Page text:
thread: 2012-12-04 : Positioning: Two Timelines in Text

On 2012-12-04, Vincent wrote:

"Create or remember": One of the wicked and interesting features of the fictional timeline is that the entirety of its length is available to us at every moment of play (as Tim Ralphs points out, down here). Here are two examples. I'm playing a Divine in Monster of the Week, and Meg is the MC.

Example 1
My character's past has never come up in play in any way.
Me: I use my move Angel Wings. I go to my mother.
Meg: Okay.

We're establishing right now, in this real-world moment, that my character's entire fictional timeline has included his having a mother somewhere, and that he knows her well enough for the move to work.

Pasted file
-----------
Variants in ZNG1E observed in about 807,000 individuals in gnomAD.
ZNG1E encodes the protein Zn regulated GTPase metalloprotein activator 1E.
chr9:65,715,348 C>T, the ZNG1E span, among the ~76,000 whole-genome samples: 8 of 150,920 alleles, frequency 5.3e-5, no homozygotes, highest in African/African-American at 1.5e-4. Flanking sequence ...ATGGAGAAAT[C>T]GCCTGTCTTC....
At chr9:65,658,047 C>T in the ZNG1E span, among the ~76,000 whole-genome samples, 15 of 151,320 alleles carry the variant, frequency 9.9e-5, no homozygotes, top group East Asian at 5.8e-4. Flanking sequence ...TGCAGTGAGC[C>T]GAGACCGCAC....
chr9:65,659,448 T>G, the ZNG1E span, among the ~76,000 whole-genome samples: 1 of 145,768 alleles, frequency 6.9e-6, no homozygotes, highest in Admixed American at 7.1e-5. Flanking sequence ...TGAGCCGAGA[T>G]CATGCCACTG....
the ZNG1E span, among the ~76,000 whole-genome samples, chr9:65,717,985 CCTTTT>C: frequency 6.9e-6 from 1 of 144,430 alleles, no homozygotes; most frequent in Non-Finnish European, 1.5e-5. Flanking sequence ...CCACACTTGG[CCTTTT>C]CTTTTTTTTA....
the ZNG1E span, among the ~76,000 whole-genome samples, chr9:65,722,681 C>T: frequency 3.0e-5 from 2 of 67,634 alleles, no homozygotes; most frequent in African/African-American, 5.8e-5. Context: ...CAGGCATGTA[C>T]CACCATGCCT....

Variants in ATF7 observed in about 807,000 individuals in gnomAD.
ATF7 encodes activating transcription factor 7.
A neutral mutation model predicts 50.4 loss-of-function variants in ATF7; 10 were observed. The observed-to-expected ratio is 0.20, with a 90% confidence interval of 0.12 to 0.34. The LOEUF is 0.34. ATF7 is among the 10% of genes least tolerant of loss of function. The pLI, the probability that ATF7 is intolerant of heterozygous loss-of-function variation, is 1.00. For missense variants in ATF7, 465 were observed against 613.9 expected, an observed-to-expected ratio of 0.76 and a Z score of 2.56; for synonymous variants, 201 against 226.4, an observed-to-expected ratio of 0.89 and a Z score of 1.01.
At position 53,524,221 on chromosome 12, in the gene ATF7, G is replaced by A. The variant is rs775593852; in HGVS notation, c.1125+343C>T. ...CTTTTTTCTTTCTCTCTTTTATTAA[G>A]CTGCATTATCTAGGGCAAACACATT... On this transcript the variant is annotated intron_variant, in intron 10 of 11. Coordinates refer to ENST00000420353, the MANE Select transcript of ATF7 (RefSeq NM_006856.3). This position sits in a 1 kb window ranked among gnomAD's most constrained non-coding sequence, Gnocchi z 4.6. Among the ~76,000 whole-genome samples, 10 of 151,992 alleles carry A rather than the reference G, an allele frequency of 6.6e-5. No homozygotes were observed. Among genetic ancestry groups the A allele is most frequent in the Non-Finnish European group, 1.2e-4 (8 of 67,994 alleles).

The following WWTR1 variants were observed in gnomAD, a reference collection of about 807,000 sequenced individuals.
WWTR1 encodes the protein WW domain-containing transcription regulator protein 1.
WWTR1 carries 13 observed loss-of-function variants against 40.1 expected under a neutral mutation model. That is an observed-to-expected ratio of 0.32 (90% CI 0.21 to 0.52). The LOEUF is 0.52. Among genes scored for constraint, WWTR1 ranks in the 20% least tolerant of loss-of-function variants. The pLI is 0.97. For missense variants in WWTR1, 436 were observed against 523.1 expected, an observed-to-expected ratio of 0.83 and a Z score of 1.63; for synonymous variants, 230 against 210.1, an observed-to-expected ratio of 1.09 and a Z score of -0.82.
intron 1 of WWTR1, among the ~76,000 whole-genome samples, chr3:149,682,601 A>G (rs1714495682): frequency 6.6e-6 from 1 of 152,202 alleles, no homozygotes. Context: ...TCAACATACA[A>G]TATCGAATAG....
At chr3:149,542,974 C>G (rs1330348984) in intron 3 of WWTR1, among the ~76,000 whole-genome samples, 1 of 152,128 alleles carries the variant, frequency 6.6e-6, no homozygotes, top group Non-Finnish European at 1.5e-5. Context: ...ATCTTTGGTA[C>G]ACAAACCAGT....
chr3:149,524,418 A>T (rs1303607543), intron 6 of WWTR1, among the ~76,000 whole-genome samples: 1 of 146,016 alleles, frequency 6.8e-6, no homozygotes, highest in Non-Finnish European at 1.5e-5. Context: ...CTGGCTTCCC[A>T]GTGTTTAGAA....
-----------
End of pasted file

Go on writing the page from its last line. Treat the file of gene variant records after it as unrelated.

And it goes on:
Example 2
Two sessions ago, there was a fancy dinner in the home of one Sebastienne DuLane, which ended in a fight with a vampire.
Me: I use my move Angel Wings. I go to Sebastienne DuLane's dining room.
Meg: Okay - wait actually. You weren't there that night, were you?
Me: Oh that's right! I wasn't! I was researching while the other PCs went to the dinner party.
Meg: So, nope. You can't go there.

In example 1, we create and establish something new in the fictional past, and in example 2, we remember something in the fictional past that we'd established earlier in the real past. Nevertheless, in both examples, it's the fictional past that decides whether I can use the move.

Again, questions welcome, and hold your disagreement for later!


This makes ET go "*huff* *huff* I'm sorta keeping up in collating all this, VB"

This makes...
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